October 09, 2012, 10:54 AM — Evernote isn't a revolution. Like most of the technology products we tend to use regularly in our daily lives, Evernote is an evolution, a collection of good ideas that rolls into a single program the functionality of a half-dozen apps you would otherwise use separately.
Evernote was designed for individuals, but businesses have been adopting it in increasing numbers, finding unique ways to put it to use. Evernote itself has taken notice of this, and later this year it will be launching Evernote for Business, which could elevate Evernote's business utility even further.
Meanwhile, if you're new to Evernote, or are just dipping your toes into it, here's how to put the little app that could to its best use.
Get started with Evernote
Evernote is a hybrid system of offline and cloud-based features. You'll need to create an account when you first download Evernote; you can then install the software just about anywhere. In fact, the more places you install it, the more useful it becomes. Evernote is available for the Mac and Windows and all mobile platforms, so no matter how multi-platform you are when you work, there's nothing keeping you from running Evernote on every device.
Evernote's core functionality is in storing your notes and keeping them organized and synchronized, in real time, among all your devices. It pays to understand a bit about Evernote's terminology, which isn't always intuitive, before you start filling the app up with content.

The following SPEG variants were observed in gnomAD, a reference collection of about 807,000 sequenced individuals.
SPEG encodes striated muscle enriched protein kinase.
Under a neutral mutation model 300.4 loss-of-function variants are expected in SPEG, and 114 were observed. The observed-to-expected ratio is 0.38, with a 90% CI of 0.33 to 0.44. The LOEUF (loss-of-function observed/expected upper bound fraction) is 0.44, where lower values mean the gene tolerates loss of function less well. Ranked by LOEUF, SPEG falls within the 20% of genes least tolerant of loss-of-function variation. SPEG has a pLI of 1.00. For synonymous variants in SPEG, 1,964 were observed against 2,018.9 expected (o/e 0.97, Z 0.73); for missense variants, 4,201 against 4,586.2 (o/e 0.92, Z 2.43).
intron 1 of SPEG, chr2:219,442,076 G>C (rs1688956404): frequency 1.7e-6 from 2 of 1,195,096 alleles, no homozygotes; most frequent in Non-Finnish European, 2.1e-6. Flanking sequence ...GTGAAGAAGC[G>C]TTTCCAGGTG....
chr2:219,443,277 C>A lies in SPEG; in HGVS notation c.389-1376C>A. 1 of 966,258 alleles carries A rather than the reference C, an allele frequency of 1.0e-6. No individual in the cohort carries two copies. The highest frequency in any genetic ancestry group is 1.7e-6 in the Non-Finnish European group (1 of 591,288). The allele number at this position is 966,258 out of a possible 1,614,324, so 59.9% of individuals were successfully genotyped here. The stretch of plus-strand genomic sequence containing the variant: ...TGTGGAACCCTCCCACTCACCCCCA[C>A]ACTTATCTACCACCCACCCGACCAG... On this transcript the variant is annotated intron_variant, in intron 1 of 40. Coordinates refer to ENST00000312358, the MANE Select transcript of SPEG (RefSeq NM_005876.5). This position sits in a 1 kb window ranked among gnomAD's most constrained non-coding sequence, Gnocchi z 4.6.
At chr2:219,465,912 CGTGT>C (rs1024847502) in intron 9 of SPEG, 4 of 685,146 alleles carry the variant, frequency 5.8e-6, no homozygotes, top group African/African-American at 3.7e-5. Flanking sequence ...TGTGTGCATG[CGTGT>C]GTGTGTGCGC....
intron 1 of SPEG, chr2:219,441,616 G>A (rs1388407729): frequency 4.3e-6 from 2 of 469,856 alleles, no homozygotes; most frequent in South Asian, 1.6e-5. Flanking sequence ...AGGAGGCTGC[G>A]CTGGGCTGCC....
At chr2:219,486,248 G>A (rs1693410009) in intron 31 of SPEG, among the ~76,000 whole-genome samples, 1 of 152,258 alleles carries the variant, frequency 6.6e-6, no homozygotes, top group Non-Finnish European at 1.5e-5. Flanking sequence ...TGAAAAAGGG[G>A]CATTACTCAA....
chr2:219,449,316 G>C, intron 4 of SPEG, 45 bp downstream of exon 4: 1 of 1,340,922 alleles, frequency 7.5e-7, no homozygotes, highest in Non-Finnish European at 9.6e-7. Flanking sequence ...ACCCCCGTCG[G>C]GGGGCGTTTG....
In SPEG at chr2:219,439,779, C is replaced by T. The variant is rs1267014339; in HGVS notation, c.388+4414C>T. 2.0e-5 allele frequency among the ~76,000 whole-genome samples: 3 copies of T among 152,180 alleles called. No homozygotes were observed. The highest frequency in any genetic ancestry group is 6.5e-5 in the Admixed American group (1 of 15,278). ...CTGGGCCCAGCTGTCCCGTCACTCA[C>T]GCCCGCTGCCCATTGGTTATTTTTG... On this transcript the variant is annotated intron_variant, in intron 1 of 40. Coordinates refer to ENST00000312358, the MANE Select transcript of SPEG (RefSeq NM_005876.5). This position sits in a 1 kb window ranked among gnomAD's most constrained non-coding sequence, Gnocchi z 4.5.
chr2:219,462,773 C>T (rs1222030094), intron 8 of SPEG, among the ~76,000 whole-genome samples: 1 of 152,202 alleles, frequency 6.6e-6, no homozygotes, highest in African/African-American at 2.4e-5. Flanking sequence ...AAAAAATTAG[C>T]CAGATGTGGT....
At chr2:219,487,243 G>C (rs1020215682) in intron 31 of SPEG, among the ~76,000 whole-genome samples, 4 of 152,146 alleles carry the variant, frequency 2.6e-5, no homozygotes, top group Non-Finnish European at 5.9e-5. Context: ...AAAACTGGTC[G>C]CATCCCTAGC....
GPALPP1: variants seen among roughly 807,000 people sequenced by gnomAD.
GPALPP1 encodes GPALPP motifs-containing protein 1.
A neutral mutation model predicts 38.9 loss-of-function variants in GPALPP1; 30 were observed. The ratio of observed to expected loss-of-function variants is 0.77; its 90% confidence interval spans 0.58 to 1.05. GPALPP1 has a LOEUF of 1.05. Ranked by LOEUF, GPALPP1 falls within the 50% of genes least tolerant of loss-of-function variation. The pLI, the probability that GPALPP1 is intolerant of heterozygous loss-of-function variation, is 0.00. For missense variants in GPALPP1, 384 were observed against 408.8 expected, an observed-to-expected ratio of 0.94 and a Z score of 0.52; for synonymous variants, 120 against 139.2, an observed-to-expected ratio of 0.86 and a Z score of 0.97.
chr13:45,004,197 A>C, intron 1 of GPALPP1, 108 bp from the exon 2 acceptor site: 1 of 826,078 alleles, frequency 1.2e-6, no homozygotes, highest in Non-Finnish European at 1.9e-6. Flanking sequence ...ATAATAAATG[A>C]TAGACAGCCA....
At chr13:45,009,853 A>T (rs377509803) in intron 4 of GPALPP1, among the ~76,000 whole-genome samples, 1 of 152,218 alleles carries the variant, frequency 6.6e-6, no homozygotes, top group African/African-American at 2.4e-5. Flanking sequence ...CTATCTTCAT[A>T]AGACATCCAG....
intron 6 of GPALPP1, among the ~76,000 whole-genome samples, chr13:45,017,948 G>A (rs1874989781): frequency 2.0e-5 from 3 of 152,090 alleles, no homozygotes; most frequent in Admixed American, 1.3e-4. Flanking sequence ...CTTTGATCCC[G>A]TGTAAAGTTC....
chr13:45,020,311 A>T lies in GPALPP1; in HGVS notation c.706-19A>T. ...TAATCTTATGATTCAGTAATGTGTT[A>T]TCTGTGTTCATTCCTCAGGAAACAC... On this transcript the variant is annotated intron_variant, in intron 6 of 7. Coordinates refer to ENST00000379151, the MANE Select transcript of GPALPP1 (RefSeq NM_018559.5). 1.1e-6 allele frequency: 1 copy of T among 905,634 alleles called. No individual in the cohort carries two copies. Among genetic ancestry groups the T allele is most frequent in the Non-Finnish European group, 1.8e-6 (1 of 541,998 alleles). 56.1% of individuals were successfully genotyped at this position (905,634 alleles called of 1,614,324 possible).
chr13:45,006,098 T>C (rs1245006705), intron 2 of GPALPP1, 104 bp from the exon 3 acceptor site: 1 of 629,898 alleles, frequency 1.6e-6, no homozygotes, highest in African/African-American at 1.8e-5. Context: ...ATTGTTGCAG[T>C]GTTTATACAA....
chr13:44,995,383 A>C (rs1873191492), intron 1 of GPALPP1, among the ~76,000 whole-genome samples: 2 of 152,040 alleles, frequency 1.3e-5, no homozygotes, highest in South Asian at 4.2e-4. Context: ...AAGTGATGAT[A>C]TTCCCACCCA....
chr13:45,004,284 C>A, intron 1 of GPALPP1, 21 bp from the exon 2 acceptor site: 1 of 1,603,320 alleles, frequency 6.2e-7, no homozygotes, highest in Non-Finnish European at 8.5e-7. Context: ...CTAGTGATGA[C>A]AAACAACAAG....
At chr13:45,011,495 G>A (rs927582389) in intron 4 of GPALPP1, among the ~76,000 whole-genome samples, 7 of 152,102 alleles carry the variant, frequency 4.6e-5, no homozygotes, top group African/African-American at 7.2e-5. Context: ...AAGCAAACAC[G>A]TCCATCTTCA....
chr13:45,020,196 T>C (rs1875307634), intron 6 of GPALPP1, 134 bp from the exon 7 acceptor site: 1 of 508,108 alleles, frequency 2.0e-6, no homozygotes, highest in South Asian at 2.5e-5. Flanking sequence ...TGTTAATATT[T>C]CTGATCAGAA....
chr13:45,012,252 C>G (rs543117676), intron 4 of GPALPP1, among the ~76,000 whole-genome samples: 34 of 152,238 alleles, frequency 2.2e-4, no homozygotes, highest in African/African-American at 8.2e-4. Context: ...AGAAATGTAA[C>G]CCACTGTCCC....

In Evernote terms, every page you create is its own Note. Notes are most useful when organized into various Notebooks, essentially a folder full of notes. Setting up notebooks tends to be easier on a computer than in a mobile app, so it's a good idea to configure your notebooks ahead of time on a PC, even if you leave them empty to start. A group of notebooks is a Stack. Just drag one notebook to another to automatically create a stack. (Right-click to rename it.)
For example, if you used Evernote to keep an archive of payroll, each paycheck would be a note, each employee would be a notebook, and various classes of employees (full-time, part-time, contractor) might be a stack.
When you create a note, you can give it multiple Tags, by clicking the "Click to add tag" button in Windows or the Info button (an i in a circle) in the mobile app. Tags are especially useful when you're embedding nontext content, since everything in Evernote is searchable. They're most useful when you have common but more general terms that you might want to search across all of your notebooks: "2012 taxes," "personal," or "urgent," for example. Adding content from within the mobile app may be less intuitive than it should be to new users. To create a note on the go, navigate to the notebook you want to work in, then click the oversized plus-sign (+) button at the bottom of the screen.